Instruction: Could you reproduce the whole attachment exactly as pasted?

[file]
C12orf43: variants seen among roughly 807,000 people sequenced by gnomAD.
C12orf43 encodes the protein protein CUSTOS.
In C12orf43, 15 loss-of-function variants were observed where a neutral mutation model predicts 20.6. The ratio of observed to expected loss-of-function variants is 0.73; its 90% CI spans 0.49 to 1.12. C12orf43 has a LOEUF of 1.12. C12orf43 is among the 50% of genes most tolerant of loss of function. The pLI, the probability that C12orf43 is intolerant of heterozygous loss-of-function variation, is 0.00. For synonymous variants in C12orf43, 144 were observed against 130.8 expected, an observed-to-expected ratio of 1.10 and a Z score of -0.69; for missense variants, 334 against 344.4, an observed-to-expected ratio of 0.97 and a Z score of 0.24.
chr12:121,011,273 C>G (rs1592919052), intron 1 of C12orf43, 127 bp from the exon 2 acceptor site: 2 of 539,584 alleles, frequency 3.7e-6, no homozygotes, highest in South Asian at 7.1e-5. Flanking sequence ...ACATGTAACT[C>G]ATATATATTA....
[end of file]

C12orf43: variants seen among roughly 807,000 people sequenced by gnomAD.
C12orf43 encodes the protein protein CUSTOS.
In C12orf43, 15 loss-of-function variants were observed where a neutral mutation model predicts 20.6. The ratio of observed to expected loss-of-function variants is 0.73; its 90% CI spans 0.49 to 1.12. C12orf43 has a LOEUF of 1.12. C12orf43 is among the 50% of genes most tolerant of loss of function. The pLI, the probability that C12orf43 is intolerant of heterozygous loss-of-function variation, is 0.00. For synonymous variants in C12orf43, 144 were observed against 130.8 expected, an observed-to-expected ratio of 1.10 and a Z score of -0.69; for missense variants, 334 against 344.4, an observed-to-expected ratio of 0.97 and a Z score of 0.24.
chr12:121,011,273 C>G (rs1592919052), intron 1 of C12orf43, 127 bp from the exon 2 acceptor site: 2 of 539,584 alleles, frequency 3.7e-6, no homozygotes, highest in South Asian at 7.1e-5. Flanking sequence ...ACATGTAACT[C>G]ATATATATTA....